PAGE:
Darren Till will make his middleweight debut at UFC 244 in a matchup against the hard-hitting former interim-title-challenger Kelvin Gastelum.
Something that irks me about this sport’s fandom is the stigma that is still attached to taking a tune-up fight, where needed.
Now don’t get me wrong, I too find myself rolling my eyes to a certain extent when a fighter on the rise is matched up in such a selective manner that the odds of failure are ridiculously low but in the case of Darren Till, a different viewpoint needs to be taken.
UFC 242 in Abu Dhabi could well stand as conclusive proof of Khabib Nurmagomedov’s status as a global superstar. Everything from the buzz generated during his post-UFC 229 world tour to his blossoming social media numbers would indicate that he’s a potentially huge draw for the company.
In a time where worldwide expansion is paramount, giving Khabib that spot in a venue reasonably close to his Dagestan home is a move that will allow the UFC to place roots in relatively uncharted territory. It’s a genius business decision and the perfect use of an asset who perhaps wouldn’t create the same level of buzz on US soil.
This is what made Darren Till’s UFC London clash with Jorge Masvidal a masterstroke of matchmaking.
Who could have known that Till was going to get starched in such brutal fashion by Gamebred? I’m not in any way slating the UFC brass for making the fight. In many ways, it was the perfect move.
But a lesson should have been learned from that result. In a time where European stars are fading, a man as popular as Till requires a gentle repositioning at this point in his career.
And he is a very popular fighter, make no mistake.
Young, talented, good on the mic, and beloved by his people, I don’t blame the UFC for fast-tracking him to the title.
I wouldn’t have personally allowed things to play out like that myself, but we’ve seen more blatant cases in the past.
Now, with a battering at the hands of the former champ Tyron Woodley and a clubbing courtesy of Jorge Masvidal behind him, the smart move would be to give this young man time to replenish.
There is every chance that Till, who is still just 26, can become the massive European star that Dana and co. believe he can be.
Personal issues outside of the octagon and problems concerning weight-cutting and overall professionalism can be fixed.
But with a move to 185lbs, the seemingly more natural fit for The Gorilla, putting him in there with the hungry, hard-hitting, former interim-title-challenger Kelvin Gastelum is a shocking piece of match-making.
I’m not in any way saying that Darren can’t win the fight, but the management of young fighters on the rise is a game of great risks and to me, this is a completely baffling move – one that could have some serious consequences for the long-term health and confidence of the Liverpudlian.
Look, nobody is going to tell Darren Till that he can’t win this fight. And they shouldn’t – it’s certainly not true at all.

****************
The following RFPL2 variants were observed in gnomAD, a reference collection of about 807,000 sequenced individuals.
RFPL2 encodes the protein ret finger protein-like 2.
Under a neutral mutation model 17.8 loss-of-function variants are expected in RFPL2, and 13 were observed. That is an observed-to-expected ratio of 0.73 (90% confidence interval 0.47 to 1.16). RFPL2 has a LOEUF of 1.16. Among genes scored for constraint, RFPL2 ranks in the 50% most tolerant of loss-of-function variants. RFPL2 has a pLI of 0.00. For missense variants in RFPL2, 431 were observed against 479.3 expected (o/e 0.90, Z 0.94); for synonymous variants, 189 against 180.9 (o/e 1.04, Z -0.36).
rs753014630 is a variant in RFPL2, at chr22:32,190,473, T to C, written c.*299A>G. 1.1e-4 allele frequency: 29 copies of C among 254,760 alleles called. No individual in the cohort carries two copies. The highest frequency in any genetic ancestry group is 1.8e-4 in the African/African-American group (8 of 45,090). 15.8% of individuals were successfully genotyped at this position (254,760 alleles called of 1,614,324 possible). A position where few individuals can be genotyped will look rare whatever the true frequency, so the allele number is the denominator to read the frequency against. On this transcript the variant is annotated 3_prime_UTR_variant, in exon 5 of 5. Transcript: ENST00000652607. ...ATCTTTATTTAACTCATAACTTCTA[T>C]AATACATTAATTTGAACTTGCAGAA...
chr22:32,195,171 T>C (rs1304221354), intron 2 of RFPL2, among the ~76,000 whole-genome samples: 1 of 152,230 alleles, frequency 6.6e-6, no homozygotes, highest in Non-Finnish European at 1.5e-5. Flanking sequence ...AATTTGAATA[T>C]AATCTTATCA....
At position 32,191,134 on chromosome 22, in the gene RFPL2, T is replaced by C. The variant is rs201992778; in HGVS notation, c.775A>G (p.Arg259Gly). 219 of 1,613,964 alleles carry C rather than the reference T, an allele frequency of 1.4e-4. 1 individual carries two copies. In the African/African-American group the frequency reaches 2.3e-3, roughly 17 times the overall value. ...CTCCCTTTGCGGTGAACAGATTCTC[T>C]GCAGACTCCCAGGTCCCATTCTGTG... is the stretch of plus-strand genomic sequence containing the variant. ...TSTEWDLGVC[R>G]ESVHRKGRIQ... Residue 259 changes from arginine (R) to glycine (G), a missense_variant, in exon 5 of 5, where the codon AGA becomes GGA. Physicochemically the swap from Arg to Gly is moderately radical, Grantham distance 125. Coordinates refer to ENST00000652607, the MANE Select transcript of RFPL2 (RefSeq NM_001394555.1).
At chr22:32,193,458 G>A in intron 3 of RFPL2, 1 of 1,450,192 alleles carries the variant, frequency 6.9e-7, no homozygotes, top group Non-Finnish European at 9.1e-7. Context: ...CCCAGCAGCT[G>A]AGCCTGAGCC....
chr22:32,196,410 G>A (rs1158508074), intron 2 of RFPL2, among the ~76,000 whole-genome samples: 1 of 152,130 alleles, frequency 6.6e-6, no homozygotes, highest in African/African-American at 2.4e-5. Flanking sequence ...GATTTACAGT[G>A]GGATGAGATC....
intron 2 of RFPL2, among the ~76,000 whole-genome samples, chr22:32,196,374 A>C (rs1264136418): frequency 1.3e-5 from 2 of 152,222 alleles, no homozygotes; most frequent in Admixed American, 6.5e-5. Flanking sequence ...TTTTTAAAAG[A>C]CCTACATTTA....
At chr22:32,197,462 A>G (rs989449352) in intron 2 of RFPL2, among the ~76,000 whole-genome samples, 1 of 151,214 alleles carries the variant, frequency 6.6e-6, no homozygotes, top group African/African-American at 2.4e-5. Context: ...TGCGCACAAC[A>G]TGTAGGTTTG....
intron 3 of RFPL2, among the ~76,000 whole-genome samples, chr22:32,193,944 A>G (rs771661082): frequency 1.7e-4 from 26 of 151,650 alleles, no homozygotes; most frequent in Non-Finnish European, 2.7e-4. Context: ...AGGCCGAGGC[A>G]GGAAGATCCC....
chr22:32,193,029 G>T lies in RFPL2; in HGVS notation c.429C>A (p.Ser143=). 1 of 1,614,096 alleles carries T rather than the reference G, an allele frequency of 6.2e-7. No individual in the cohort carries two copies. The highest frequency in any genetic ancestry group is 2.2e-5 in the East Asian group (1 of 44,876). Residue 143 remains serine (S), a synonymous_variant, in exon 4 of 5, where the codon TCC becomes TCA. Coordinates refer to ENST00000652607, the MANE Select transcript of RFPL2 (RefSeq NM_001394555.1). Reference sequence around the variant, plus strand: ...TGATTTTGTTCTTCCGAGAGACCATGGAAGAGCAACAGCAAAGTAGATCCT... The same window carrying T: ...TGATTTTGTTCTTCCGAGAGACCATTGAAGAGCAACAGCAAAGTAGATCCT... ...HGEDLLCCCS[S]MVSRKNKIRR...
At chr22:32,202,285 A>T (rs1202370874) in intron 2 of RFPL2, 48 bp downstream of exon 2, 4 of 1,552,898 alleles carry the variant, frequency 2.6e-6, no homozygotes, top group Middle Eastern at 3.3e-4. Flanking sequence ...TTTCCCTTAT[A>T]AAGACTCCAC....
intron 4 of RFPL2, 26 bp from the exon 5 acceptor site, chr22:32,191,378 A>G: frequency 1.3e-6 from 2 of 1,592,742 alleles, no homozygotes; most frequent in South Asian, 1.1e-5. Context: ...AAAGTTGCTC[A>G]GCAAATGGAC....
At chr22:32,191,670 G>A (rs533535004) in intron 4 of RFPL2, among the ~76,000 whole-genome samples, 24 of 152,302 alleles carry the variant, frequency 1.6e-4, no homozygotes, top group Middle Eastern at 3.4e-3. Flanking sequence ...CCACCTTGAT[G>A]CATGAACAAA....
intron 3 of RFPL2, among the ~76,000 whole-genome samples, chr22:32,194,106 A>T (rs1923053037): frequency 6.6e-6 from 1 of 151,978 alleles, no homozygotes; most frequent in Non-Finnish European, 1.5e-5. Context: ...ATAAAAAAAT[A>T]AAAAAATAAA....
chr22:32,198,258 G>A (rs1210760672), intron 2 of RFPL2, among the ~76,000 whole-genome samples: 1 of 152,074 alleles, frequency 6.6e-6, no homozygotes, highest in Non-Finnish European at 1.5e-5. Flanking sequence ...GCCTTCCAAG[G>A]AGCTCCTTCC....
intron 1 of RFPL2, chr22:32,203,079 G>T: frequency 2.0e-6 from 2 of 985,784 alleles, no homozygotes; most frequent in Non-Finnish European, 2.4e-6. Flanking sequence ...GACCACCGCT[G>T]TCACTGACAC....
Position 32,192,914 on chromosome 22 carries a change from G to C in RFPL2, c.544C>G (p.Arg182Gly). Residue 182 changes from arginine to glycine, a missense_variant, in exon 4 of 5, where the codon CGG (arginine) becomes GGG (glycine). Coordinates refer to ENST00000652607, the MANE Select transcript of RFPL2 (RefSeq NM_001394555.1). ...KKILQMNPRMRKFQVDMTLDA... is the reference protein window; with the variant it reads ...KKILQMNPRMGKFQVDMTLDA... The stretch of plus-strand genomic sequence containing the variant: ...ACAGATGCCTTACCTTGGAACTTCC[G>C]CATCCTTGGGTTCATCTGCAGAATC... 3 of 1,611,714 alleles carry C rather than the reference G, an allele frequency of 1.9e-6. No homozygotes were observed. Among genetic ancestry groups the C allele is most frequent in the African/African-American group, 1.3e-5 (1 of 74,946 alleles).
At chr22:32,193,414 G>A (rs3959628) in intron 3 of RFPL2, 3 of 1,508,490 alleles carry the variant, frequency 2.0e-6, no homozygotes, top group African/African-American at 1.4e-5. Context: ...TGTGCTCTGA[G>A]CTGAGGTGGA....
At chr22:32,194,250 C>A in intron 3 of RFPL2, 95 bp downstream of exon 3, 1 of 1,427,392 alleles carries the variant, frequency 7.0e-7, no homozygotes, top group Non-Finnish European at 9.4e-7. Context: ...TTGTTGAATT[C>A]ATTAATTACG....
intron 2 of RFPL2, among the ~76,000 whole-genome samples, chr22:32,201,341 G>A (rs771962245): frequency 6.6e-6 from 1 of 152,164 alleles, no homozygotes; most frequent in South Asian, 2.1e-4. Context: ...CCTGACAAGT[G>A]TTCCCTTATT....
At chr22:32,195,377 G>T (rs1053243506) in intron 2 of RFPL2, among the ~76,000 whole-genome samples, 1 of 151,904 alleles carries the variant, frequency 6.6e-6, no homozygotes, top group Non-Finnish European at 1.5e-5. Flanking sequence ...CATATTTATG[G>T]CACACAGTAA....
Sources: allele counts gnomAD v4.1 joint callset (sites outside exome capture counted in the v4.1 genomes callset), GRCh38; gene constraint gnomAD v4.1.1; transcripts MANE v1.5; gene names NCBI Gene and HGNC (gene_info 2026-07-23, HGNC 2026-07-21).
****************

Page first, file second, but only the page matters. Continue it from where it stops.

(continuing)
But when you’ve taken a considerable amount of damage in your last two outings and caused some understandable concern from your fanbase due to your behaviour outside of competition, there does need to be steps taken to ease your path back into the win-column.
I don’t hate the Gastelum matchup from a stylistic perspective as much as most do, but there is a very real danger that Till suffers another vicious defeat here. Even the most fervent of his fans will not deny this.
Do the UFC want to push Till right into middleweight title-contention? If so, why?
As things stand, the belt is locked up for at least the rest of 2019 and possibly even early 2020 with both the clash of champion Robert Whittaker and Israel Adesanya and then the injection of Paulo Costa into the equation.
No matter what Till does against Gastelum, it’s hard to see him skipping over Borrachinha in the queue – so why not give him a top-10 test but perhaps one that puts his chin at less of a risk.
This is the fight-game, of course, and there will always be that traditional (and some might say outdated) sense of bravado that pushes guys to fight the very best as often as they can.
As much their overall structure is flawed, the boxing model – one that adopts a near polar-opposite approach – is one that often gets things right in this regard.
The attitude towards tune-up fights in MMA is one that deprives us of seeing the best fight the best when they’re actually at their very best.
I still think that Darren Till has a very bright future in mixed martial arts and who knows, he could prove his doubters wrong and take to his new home at middleweight with a real flair.
That’s not the issue here.
The UFC’s management of Till is perhaps a consequence of the McGregor-era and the idea that a rise to superstardom can happen in the blink of an eye.
But not everyone is Conor McGregor and in the case of Darren Till, I genuinely believe that they need to slow themselves down to a certain extent – especially after his back-to-back defeats.
When even Till’s coach Colin Heron is speaking about the mismanagement of his star-pupil, it really does beg the question over where exactly these decisions are coming from.
Either way, I can’t help but stress my disappointment at today’s fight announcement because win, lose, or draw, it says a lot about the modern state of the UFC’s matchmaking and prospect management.
I just hope that the story of Darren Till isn’t one that is affected by the quite frankly tremendous missteps that have been taken in nurturing his clear talent so far.
Only time will tell, of course, but I’d be lying if I said that this wasn’t a worrying piece of news to receive when it broke this morning.
Cillian Cunningham, Pundit Arena